The eyeball’s abundant blood supply makes infection extremely rare, though it is possible. In the case of infection, additional treatment, such as the prescription of antibiotics and hospitalization, may be required.
It is possible for abnormal scarring to occur in the eyelid and the deeper tissues following blepharoplasty. In addition, sutures can cause cysts or visible marks along the eyelid. Scarring may necessitate additional treatment.
Damage to the eye’s structures
The eye is delicate, and eyelid surgery is a complicated surgery that involves a great deal of skill. Even when undergoing eyelid surgery with the most experienced surgeon, it’s possible for deeper structures — eye muscles, nerves, blood vessels, etc. — to be damaged. This injury can be temporary or lasting. Eyelash loss, double vision, and drooping of the eyelid can occur, as well as blindness.
Dry eye problems
Dry eye problems caused by decreased tear production are a possible complication of eyelid surgery. This side effect is rare and impossible to predict, and can be treated with eye drops and ointments. If you suffer from dry eyes, mention this to Dr. Perry when considering eyelid surgery, as it may affect your candidacy.
Just as the eyelids are usually naturally asymmetrical, they may still be asymmetrical following eyelid surgery. While surgeons take care to give the same treatment to each eyelid, symmetry is impossible to predict.
This is rare and usually resolved in six weeks.
Drooping of the upper eyelid
This is rare and usually resolves as post-surgery swelling goes down, but if this drooping persists for more than three months, additional surgery may be necessary.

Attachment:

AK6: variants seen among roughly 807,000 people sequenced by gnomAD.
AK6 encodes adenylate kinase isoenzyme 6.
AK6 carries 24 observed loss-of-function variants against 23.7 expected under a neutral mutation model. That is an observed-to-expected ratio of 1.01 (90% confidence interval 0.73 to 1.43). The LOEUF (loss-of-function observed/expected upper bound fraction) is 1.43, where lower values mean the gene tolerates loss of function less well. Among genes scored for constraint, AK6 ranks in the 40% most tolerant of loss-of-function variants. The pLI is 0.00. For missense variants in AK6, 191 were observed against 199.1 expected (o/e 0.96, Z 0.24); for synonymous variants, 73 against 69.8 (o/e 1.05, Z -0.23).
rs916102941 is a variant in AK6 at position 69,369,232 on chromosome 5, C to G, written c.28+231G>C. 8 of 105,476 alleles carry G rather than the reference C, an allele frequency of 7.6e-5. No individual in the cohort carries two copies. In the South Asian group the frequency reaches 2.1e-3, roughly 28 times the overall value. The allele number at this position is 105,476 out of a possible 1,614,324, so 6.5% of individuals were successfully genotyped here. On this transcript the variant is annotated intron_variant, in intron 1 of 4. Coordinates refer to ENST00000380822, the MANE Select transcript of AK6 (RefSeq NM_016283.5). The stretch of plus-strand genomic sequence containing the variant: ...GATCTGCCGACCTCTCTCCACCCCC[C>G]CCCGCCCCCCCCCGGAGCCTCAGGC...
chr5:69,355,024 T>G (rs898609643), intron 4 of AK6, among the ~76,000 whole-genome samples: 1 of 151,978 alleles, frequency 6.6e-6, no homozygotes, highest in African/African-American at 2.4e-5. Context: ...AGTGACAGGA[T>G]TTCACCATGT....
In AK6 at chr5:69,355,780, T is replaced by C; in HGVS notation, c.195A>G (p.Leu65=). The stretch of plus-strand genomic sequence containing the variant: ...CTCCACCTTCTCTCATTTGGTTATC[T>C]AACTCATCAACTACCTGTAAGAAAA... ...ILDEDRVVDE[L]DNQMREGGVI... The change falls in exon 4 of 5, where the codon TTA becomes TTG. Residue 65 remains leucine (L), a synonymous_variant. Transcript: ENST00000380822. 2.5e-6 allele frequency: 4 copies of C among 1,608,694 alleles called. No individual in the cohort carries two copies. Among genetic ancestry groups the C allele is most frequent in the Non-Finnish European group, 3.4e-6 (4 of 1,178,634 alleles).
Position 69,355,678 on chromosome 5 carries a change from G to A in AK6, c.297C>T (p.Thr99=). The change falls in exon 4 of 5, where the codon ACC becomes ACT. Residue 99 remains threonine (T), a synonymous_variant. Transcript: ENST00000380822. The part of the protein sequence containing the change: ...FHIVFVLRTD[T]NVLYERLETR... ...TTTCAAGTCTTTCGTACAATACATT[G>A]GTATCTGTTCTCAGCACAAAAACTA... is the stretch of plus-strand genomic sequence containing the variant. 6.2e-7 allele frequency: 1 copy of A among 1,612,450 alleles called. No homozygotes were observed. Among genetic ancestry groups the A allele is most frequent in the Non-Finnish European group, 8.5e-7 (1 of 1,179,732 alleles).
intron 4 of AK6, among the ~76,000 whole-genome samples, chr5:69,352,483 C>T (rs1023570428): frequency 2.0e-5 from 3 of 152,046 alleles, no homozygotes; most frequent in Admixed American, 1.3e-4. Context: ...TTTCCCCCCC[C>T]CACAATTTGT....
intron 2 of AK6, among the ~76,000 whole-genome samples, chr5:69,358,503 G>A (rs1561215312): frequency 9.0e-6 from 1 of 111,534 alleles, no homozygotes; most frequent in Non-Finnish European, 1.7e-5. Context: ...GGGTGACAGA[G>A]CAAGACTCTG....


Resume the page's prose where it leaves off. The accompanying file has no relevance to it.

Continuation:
Undercorrection (residual skin folds)
Many surgeons approach eyelid surgery conservatively. As a result, some residual skin folds may remain. These can be easily addressed, whereas removing too much skin during eyelid surgery is much more difficult to repair. In some cases, residual skin folds may indicate the need for browlift surgery.
Eyelash loss in the lower lid area following blepharoplasty is impossible to predict and can be either temporary or permanent.
A poor blepharoplasty result can stem from visible deformities, loss of eyesight, wound disruption, loss of sensation, and other factors. In rare cases, additional surgery, possibly browlift, may be necessary to improve results. Additionally, long-term alterations in the eyelids’ appearance can occur.
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Complete Pre- and Post-operative Instructions for Eyelid Surgery Patients
To make your eyelid surgery experience at our practice a positive one, we have prepared this comprehensive list of instructions. We recommend that you read them over as soon as your surgery day is scheduled. On your surgery day, please print them out and bring them with you.
Eyelid Surgery (blepharoplasty) Instructions (printer-friendly)
Those who are interested in blepharoplasty should contact our practice today for more information about the procedure or schedule a consultation with Dr. Perry.
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*Individual Results May Vary